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Home Invasion Suspect Flips off Judge; Goes to Jail

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By Kamika Dunlap on November 04, 2009 10:07 AM

Kane Kellett gave Judge G. Martin Zopp the finger and in return he got a six-month contempt of court sentence.

As reported by The Daily Herald, the 24-year-old man from Crystal Lake, Ill. was in court on charges including the violent assault of a pregnant woman. When asked to stand and raise his right hand to be sworn, he opted to give Judge Zopp the one finger salute.

Though (at least according to one federal court opinion), giving the bird to a police officer can be constitutionally protected free speech, Mr. Kellett's self expression does not receive the same level of protection.

As one might expect, the rules of what one can freely express change drastically in the courtroom, particularly if addressed to the judge.

Judges can impose sanctions for a variety of behaviors that constitute "contempt of court." Such behaviors might include disobeying a court order, disrupting a proceeding, or exhibiting disrespect for the the proceeding or the judge.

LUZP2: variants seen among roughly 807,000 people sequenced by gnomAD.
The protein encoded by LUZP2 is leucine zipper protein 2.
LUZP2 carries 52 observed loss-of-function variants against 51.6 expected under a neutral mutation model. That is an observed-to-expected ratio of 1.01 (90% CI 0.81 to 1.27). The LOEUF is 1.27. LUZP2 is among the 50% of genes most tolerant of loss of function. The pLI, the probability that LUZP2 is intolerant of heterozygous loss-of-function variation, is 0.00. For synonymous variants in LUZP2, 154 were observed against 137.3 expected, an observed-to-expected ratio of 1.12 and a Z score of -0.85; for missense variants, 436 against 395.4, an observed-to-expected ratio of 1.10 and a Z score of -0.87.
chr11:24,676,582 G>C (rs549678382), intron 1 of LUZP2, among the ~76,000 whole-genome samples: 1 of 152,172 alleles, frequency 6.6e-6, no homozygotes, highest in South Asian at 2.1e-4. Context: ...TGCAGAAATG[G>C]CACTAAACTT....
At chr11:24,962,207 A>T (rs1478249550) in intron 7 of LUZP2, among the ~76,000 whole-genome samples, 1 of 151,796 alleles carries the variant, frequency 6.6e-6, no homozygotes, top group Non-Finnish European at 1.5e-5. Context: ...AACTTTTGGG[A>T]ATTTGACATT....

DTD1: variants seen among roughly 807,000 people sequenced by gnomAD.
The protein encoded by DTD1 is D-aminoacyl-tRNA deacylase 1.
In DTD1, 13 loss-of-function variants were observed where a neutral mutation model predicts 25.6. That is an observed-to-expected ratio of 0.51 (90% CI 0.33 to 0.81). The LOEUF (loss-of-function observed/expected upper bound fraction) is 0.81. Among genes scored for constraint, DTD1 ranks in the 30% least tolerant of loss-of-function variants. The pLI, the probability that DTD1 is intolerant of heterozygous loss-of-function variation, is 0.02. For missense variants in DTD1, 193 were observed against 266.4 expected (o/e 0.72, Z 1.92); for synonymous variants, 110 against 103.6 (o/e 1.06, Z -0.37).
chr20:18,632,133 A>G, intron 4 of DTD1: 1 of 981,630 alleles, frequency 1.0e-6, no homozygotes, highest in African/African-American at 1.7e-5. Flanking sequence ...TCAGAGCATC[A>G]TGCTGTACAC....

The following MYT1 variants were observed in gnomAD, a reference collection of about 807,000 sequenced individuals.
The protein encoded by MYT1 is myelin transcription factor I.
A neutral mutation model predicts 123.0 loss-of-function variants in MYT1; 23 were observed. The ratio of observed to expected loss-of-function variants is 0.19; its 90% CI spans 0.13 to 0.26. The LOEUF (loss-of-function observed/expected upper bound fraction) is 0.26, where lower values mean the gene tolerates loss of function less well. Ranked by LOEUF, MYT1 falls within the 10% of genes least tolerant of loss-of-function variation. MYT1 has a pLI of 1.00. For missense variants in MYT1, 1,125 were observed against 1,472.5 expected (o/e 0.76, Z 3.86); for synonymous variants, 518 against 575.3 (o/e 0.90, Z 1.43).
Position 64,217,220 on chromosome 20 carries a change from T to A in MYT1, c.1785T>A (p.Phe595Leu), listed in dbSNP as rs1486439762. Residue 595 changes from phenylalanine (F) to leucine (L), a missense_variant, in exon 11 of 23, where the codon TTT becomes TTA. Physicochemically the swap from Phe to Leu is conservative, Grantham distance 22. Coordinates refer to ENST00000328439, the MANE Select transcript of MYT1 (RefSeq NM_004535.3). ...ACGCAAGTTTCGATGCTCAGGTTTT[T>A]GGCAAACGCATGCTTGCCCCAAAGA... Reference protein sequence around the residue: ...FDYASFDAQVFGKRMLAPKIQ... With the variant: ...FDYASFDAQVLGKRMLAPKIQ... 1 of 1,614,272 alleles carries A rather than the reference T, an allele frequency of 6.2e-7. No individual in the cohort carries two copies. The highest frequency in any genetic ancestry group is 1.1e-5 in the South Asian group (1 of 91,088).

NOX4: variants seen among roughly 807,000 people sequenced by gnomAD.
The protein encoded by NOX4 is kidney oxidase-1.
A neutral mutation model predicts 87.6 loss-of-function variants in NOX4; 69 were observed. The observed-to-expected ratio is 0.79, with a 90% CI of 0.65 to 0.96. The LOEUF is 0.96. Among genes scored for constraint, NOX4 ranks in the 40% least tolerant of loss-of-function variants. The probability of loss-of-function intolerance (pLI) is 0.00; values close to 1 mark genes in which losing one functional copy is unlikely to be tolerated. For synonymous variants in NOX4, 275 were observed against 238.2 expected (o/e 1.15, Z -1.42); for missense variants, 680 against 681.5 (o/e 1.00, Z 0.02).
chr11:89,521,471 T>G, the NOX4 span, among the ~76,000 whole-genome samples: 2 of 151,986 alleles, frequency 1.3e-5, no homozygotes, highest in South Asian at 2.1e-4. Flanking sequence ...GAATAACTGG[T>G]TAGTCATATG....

Giving a judge the finger definitely qualifies as demonstrating a contempt for what's going on in court.  

According to the Daily Herald, Kellet was at a rights hearing to face a variety of home invasion related charges when he unfurled the bird and also hurled a slew of profanity at the judge.

Kellett was escorted out of the court room by the bailiff.

Now, he sits in county jail to serve out his six month term for contempt of court.

According to Lake County Police, Kellett also was wanted on charges of aggravated battery and assault. He is accused of attacking two people, including a pregnant woman in the area last month.

The charges had landed Kellett, who said in court papers that he is homeless, on the McHenry County Sheriff's Top 10 Most Wanted List and described as "armed and dangerous" before his arrest Friday night.

If convicted of the home invasion charge, Kellett would face six to 30 years in prison. The aggravated battery charge carries a maximum sentence of two to five years in prison.

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